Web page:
A crucial aspect of a scheme is that it must be approved by each ‘class’ of shareholder. This means that a separate class general meeting should, in principle, be held not only of each formal class of shareholders (e.g. ordinary shareholders, preference shareholders) but also of each group which has identifiably different interests in the scheme from those of the formal class to which they belong. The acquirer, if a shareholder of the target (as was the case in the RBS/First Active deal), will invariably have a different interest in the scheme from any other shareholder and should not be included in the same class as other shareholders. It may also be inappropriate to include management shareholders of the target in the same class as the other shareholders if their interests in the scheme differ from those of other shareholders (because, for example, they have entered into new service contracts with the acquirer).

The court procedures
Once agreement on the terms of a scheme has been reached between the acquirer and the target board the scheme, to be effective, must be approved at special general meeting(s) of the target shareholders and by the High Court. The main role of the court in supervising a scheme of arrangement is to ensure that the arrangements are procedurally and substantively fair to those whose interests are affected.

The court has to be satisfied, amongst other matters, that a reasonable target shareholder would support the scheme. On the fairness issue, the court will generally be influenced by the fact that a majority of the voting shareholders have approved the scheme.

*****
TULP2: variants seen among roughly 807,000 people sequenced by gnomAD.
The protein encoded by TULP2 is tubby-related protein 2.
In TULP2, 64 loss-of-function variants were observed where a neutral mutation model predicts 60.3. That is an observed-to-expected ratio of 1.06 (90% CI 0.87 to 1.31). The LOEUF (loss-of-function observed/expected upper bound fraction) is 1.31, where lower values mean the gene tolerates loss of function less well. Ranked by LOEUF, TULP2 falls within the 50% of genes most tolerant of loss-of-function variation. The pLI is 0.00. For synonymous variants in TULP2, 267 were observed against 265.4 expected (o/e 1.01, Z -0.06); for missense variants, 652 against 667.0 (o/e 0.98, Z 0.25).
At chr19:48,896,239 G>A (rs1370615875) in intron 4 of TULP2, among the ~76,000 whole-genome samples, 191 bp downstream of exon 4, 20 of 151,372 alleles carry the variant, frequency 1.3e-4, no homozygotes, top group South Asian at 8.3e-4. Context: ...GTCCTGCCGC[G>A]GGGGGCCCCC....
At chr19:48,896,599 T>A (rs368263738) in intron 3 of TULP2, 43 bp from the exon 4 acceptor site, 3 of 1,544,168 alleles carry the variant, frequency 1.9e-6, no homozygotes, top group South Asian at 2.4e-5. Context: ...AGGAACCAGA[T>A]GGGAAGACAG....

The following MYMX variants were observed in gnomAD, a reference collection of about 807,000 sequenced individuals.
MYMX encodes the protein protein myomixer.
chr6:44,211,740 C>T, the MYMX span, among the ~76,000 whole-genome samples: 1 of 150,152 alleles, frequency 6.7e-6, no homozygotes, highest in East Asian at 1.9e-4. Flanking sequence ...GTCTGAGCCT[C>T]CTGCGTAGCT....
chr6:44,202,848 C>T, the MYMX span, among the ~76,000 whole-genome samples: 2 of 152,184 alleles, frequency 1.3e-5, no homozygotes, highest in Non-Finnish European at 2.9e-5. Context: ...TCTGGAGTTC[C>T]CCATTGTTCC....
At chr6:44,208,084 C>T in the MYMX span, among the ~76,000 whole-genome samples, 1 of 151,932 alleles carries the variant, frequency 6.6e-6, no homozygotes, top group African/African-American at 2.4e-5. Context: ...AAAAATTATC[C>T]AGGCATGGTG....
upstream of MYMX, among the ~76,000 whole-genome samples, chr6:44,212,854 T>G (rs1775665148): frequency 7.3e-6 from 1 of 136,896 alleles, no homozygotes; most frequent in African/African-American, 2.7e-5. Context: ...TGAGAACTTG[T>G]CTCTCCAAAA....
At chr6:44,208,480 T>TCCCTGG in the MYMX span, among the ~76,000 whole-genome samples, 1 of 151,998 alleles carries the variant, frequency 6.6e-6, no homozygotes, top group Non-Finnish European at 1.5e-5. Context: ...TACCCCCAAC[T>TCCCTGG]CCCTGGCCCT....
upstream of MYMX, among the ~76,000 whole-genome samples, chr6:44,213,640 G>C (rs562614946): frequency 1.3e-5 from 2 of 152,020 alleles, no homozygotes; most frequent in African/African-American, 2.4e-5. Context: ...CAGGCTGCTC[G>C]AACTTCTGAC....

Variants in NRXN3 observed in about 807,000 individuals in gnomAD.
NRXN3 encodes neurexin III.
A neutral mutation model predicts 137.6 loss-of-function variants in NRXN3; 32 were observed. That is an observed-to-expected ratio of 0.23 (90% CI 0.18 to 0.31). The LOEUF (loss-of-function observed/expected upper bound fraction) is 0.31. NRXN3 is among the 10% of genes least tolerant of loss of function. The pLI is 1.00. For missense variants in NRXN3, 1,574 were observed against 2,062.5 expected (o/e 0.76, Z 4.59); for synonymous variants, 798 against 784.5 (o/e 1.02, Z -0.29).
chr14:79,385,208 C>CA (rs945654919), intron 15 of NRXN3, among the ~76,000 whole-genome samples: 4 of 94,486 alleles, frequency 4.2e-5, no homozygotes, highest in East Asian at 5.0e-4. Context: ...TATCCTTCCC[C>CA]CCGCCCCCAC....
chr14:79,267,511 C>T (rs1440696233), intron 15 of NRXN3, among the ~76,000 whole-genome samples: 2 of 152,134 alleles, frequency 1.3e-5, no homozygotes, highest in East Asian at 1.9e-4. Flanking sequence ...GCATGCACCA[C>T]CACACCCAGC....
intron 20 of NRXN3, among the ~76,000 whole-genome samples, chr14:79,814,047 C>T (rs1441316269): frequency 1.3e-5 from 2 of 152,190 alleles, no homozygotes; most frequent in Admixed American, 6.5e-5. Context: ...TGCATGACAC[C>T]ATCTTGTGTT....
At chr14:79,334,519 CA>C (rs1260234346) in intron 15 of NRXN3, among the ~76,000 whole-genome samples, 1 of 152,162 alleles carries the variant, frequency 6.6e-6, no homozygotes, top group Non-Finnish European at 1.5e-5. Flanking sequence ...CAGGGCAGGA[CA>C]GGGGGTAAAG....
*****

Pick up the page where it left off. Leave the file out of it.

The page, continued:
The Irish Takeover Panel also has a supervisory role over takeovers, whether by offer or scheme.

As a scheme requires the High Court’s prior approval, it is not possible to project as accurate a timetable for a takeover scheme as it is for a takeover offer. However, fairly confident estimates of dates on which court applications are likely to be heard can be made, particularly with the recent establishment of the Commercial Court. Certainty of control and acquisition of 100 per cent ownership occur simultaneously in a scheme and experience has shown that a takeover scheme is likely to be completed within 3 to 4 months from its announcement. This compares favourably with the timetable for a recommended offer where, while it may be possible for the acquirer to achieve control more quickly, it may be 5 months before all of the target’s shareholding is acquired.
While takeover schemes may not be suitable for many takeovers it is clear they have finally become part of the landscape for takeovers in Ireland and potentially can offer significant advantages to acquirers. However, it remains to be seen how the implementation of the EU Takeover Directive will impact upon their use in takeovers, particularly having regard to the minimum 90 per cent squeeze-out provision, which is an integral part of the Directive.